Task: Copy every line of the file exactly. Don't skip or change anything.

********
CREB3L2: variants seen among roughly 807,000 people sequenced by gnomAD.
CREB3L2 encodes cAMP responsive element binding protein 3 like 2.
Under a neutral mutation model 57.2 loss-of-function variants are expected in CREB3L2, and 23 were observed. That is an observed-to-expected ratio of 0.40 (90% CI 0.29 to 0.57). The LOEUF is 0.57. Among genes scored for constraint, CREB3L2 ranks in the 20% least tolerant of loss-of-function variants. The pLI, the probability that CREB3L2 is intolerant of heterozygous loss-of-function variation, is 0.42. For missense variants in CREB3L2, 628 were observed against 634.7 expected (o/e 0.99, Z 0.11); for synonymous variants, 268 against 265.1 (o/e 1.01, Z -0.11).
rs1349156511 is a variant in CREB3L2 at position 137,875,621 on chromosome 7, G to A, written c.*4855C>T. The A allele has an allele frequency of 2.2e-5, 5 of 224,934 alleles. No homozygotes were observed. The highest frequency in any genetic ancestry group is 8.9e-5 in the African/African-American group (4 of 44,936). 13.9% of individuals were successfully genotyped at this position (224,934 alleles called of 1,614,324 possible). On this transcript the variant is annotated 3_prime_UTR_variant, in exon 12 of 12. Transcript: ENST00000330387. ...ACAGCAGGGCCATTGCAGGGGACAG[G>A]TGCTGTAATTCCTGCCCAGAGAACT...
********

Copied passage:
CREB3L2: variants seen among roughly 807,000 people sequenced by gnomAD.
CREB3L2 encodes cAMP responsive element binding protein 3 like 2.
Under a neutral mutation model 57.2 loss-of-function variants are expected in CREB3L2, and 23 were observed. That is an observed-to-expected ratio of 0.40 (90% CI 0.29 to 0.57). The LOEUF is 0.57. Among genes scored for constraint, CREB3L2 ranks in the 20% least tolerant of loss-of-function variants. The pLI, the probability that CREB3L2 is intolerant of heterozygous loss-of-function variation, is 0.42. For missense variants in CREB3L2, 628 were observed against 634.7 expected (o/e 0.99, Z 0.11); for synonymous variants, 268 against 265.1 (o/e 1.01, Z -0.11).
rs1349156511 is a variant in CREB3L2 at position 137,875,621 on chromosome 7, G to A, written c.*4855C>T. The A allele has an allele frequency of 2.2e-5, 5 of 224,934 alleles. No homozygotes were observed. The highest frequency in any genetic ancestry group is 8.9e-5 in the African/African-American group (4 of 44,936). 13.9% of individuals were successfully genotyped at this position (224,934 alleles called of 1,614,324 possible). On this transcript the variant is annotated 3_prime_UTR_variant, in exon 12 of 12. Transcript: ENST00000330387. ...ACAGCAGGGCCATTGCAGGGGACAG[G>A]TGCTGTAATTCCTGCCCAGAGAACT...